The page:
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Modeling Economy-wide vs Sectoral Climate Policies Using Combined Aggregate-Sectoral Models

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Author Info

  • William Pizer
  • Dallas Burtraw
  • Winston Harrington
  • Richard Newell
  • James Sanchirico

Abstract

Economic analyses of climate change policies frequently focus on reductions of energy-related carbon dioxide emissions via market-based, economy-wide policies. The current course of environment and energy policy debate in the United States, however, suggests an alternative outcome: sectorbased and/or inefficiently designed policies. This paper uses a collection of specialized, sector-based models in conjunction with a computable general equilibrium model of the economy to examine and compare these policies at an aggregate level. We examine the relative cost of different policies designed to achieve the same quantity of emission reductions. We find that excluding a limited number of sectors from an economy-wide policy does not significantly raise costs. Focusing policy solely on the electricity and transportation sectors doubles costs, however, and using non-market policies can raise cost by a factor of ten. These results are driven in part by, and are sensitive to, our modeling of pre-existing tax distortions.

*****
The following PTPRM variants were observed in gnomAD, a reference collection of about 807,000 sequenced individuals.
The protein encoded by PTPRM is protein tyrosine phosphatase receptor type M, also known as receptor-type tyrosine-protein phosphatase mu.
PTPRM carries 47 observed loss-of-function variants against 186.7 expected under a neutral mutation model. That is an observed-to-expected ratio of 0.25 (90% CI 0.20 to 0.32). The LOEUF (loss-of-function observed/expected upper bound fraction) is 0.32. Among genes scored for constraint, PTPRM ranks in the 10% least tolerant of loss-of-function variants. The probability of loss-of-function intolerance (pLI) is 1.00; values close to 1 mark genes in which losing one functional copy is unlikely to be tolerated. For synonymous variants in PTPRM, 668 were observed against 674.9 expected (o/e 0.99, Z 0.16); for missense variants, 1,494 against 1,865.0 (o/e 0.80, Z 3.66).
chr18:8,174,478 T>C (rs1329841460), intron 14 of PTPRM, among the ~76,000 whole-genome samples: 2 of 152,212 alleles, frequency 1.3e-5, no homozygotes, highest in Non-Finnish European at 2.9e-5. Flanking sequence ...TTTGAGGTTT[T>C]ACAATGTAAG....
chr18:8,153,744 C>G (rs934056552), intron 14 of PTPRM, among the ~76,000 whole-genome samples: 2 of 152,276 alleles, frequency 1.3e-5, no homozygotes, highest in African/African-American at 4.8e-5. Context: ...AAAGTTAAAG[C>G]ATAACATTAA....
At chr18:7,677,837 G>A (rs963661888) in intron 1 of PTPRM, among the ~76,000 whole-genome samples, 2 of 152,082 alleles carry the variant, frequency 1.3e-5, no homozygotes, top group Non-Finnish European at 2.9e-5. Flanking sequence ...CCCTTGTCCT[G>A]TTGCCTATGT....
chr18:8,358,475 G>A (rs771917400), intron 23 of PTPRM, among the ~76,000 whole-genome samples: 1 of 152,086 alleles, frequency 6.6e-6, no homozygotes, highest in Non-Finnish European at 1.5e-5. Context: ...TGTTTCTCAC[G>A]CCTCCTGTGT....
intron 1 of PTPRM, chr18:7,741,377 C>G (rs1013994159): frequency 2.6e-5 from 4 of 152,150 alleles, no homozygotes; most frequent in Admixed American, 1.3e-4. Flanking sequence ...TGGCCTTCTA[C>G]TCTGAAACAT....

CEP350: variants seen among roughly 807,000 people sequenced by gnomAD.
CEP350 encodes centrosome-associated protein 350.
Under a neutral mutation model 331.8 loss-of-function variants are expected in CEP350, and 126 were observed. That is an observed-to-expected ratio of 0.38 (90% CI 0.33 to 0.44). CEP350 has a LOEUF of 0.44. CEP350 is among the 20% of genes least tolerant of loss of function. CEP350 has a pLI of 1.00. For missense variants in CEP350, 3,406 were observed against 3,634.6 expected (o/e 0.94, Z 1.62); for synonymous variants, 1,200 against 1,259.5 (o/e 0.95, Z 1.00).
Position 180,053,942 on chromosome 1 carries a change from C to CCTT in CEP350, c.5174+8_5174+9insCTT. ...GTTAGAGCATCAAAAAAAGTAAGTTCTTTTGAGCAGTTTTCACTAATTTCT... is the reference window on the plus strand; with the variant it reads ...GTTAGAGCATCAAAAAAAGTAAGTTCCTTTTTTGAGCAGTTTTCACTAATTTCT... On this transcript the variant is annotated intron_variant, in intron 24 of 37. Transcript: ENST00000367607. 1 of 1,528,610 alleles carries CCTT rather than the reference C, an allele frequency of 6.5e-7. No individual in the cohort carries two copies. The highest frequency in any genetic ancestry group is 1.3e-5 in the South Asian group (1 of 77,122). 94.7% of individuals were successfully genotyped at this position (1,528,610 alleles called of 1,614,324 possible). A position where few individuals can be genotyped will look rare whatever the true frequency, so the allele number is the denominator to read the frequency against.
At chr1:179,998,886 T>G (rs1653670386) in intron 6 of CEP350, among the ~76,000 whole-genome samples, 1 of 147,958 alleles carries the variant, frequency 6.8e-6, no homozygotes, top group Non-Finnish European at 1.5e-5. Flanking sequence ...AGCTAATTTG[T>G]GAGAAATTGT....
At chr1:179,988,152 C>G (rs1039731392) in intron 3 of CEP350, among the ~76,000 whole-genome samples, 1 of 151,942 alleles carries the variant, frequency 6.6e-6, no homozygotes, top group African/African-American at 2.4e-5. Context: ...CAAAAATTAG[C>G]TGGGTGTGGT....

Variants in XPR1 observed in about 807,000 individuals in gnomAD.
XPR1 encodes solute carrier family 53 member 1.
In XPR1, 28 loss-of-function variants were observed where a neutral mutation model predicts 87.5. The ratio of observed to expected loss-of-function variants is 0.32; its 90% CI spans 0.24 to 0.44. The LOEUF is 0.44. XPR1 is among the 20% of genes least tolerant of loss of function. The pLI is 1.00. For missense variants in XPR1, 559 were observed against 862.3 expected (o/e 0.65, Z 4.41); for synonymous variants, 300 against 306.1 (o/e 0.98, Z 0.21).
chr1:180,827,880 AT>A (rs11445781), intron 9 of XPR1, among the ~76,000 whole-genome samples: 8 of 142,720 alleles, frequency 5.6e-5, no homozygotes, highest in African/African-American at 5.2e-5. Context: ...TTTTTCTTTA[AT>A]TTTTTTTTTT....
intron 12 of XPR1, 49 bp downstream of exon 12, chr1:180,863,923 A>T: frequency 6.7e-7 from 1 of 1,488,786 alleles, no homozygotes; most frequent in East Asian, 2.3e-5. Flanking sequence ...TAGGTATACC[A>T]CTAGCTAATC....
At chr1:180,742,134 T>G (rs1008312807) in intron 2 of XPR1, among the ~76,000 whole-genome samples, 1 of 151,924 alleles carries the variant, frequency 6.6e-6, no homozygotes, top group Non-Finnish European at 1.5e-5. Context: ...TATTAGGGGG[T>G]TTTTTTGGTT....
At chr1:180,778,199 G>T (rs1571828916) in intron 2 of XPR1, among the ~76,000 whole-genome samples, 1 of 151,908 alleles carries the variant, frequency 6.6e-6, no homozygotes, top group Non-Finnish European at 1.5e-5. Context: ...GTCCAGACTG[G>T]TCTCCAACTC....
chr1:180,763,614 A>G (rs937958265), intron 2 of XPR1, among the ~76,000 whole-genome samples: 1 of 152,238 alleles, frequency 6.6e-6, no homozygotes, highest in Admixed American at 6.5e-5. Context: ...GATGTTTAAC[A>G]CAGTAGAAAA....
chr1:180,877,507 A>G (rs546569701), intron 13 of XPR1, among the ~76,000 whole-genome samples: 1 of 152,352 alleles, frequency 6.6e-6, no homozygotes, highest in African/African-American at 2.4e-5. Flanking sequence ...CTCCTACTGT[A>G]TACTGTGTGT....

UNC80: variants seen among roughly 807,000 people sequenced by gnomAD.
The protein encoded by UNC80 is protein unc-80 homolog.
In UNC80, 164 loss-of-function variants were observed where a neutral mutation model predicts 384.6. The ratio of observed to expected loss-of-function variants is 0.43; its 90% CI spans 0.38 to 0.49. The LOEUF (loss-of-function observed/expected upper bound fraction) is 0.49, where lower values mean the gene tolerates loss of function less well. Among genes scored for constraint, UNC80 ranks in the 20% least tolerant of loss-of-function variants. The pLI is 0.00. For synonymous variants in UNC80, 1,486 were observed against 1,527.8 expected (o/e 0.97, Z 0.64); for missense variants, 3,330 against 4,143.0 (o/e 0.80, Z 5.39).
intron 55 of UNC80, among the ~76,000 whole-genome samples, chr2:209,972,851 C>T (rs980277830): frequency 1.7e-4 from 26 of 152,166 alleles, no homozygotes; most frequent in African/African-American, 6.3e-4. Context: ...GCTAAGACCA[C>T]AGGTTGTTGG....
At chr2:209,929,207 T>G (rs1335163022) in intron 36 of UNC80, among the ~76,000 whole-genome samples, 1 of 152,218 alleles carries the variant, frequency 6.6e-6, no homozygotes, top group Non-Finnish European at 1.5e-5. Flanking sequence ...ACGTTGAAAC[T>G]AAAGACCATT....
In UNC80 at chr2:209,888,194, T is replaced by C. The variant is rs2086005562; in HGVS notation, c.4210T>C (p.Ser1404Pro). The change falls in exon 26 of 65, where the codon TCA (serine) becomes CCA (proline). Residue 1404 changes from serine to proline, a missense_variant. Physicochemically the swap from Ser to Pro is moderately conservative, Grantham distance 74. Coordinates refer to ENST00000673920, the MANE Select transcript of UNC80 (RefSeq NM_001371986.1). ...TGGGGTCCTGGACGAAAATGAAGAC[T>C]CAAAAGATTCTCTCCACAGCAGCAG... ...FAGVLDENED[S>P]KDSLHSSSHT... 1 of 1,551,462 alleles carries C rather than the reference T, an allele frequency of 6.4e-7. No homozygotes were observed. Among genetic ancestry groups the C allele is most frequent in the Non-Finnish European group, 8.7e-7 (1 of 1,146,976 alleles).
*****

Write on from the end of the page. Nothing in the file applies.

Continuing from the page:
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Bibliographic Info

Article provided by International Association for Energy Economics in its journal The Energy Journal.

Volume (Year): Volume 27 (2006)
Issue (Month): Number 3 ()
Pages: 135-168

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Handle: RePEc:aen:journl:2006v27-03-a08

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Cited by:
  1. Kiuila, O. & Rutherford, T.F., 2013. "The cost of reducing CO2 emissions: Integrating abatement technologies into economic modeling," Ecological Economics, Elsevier, vol. 87(C), pages 62-71.
  2. Gilbert E. Meltcalf, 2007. "Federal Tax Policy towards Energy," NBER Chapters, in: Tax Policy and the Economy, Volume 21, pages 145-184 National Bureau of Economic Research, Inc.
  3. Banzhaf, H. Spencer & Chupp, B. Andrew, 2012. "Fiscal federalism and interjurisdictional externalities: New results and an application to US Air pollution," Journal of Public Economics, Elsevier, vol. 96(5), pages 449-464.

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